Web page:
Now, at the beginning of Advent 2012, Mr Lickona has once again hired Daniel Mitsui — not to memorialize glory this time, but folly.

Fittingly so: Our Faith teaches that wrongs can be not merely prevented, not merely undone, but actually redeemed. And this is true.

For example: Though my addition to this blog’s roster may be a loss for you, the reader (not to mention the dragging-down it entails for Jonathans Potter and Webb, Mr Finnegan, Mr Lickona, Mr JOB, and Ms Expat), I get a brilliant Mitsui portrait:

Enigmatic, spooky, funny, and a good likeness to boot, though enough obscured to provide a useful degree of plausible deniability. I could hardly be happier with it. If only it had not come at such awful cost to you, dear friends.

Thank you for the picture, Mr Mitsui. Thank you for the present, Mr Lickona.

Thank you (in advance) for forbearing to sting, scorpion.

Open Hand, Closed Fist

Consider the relevance of this:

… another traditional medieval and Renaissance piece of iconography: the open hand of rhetoric versus the closed fist of logic. The open hand and closed fist is a dual metaphor about the presentation of material, either as the hard, aggressive, and unapproachable fist of logic, or the gentler, welcoming, and open hand of rhetorical. The first threatens, the second offers aid and gifts. — From “The Iconography of Rhetoric” by Terri Palmer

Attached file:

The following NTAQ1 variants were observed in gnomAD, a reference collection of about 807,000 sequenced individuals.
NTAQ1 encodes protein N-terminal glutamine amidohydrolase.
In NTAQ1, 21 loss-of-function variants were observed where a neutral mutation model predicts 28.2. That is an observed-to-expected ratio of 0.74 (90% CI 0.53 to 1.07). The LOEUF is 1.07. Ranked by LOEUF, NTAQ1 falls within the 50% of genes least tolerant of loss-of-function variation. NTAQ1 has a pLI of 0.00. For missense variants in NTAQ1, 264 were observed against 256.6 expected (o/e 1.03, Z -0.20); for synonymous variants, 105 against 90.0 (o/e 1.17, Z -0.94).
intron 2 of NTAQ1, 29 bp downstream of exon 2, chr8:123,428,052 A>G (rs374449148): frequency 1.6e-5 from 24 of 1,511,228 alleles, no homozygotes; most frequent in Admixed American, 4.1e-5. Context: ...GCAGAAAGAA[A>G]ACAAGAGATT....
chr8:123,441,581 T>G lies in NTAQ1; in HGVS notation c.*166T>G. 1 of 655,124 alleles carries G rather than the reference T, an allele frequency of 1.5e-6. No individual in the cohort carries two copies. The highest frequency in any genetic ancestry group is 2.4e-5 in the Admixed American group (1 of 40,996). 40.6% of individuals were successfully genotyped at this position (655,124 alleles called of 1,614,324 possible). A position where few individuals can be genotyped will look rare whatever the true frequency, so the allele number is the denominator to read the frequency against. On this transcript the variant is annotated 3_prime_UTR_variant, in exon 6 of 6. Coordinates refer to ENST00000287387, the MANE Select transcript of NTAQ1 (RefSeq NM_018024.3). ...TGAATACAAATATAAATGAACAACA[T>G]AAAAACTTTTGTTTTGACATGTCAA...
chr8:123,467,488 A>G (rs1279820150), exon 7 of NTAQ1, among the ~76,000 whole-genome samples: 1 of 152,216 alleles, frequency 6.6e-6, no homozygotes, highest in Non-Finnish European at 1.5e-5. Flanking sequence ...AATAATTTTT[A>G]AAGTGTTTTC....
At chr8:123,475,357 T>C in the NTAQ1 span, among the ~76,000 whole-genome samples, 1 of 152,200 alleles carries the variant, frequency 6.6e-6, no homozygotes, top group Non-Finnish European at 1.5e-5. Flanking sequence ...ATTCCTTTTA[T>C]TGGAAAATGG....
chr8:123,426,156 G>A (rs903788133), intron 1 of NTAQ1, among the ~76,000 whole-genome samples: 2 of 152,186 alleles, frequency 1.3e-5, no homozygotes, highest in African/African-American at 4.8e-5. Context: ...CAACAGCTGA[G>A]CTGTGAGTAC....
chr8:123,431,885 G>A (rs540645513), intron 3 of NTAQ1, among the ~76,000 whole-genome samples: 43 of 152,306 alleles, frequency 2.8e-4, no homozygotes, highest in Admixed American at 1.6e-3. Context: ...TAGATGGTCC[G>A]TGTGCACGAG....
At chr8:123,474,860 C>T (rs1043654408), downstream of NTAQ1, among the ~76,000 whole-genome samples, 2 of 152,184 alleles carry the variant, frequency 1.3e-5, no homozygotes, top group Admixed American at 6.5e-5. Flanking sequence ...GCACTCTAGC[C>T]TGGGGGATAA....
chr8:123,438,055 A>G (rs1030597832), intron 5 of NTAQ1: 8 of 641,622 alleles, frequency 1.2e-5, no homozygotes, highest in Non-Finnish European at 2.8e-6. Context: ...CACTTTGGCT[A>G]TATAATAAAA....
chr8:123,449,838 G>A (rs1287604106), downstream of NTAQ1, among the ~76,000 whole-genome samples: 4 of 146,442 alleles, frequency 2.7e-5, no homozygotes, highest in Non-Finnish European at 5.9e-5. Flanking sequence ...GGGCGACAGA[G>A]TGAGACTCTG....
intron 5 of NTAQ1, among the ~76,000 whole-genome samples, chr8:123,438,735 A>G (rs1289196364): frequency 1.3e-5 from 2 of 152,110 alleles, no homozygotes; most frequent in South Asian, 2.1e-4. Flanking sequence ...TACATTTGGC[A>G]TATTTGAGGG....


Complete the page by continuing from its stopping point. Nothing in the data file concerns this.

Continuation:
… when examining this image by Daniel Mitsui:

I’d like to think this “dual metaphor about the presentation of material” cleverly touches on Korrektiv’s core modus operandi.

Furthermore, there’s the Blemmyes reference, which I admit bothers me a little. Is Mitsui poking a little fun here? Yes, I think so, and that’s all right. But I also incline towards a more sympathetic interpretation: “Sometimes I feel like a naught, sometimes I don’t.” In the Blemmyes, Mitsui hit on a pretty good image for that sentiment. Brainless, or all brain, or, better yet, a unity of heart and brain.

An overdue thank you to Mr. Mitsui.

Lay down all thoughts; surrender to the void.

‘[O]nly in the far east and in modern times have artists valued blank space’, says Daniel Mitsui in his 2002 essay on horror vacui. ‘Only Buddhists and Nihilists are interested in nothingness.’

Ten years later, I still don’t know enough either to endorse or reject those assertions. But seeing these iPad miniTM billboards around town, which push Apple’s minimalist aesthetic to an extreme I find both self-parodic and vaguely unsettling, brought Mitsui’s essay to mind.

See also: The last stanza of Philip Larkin’s ‘High Windows’.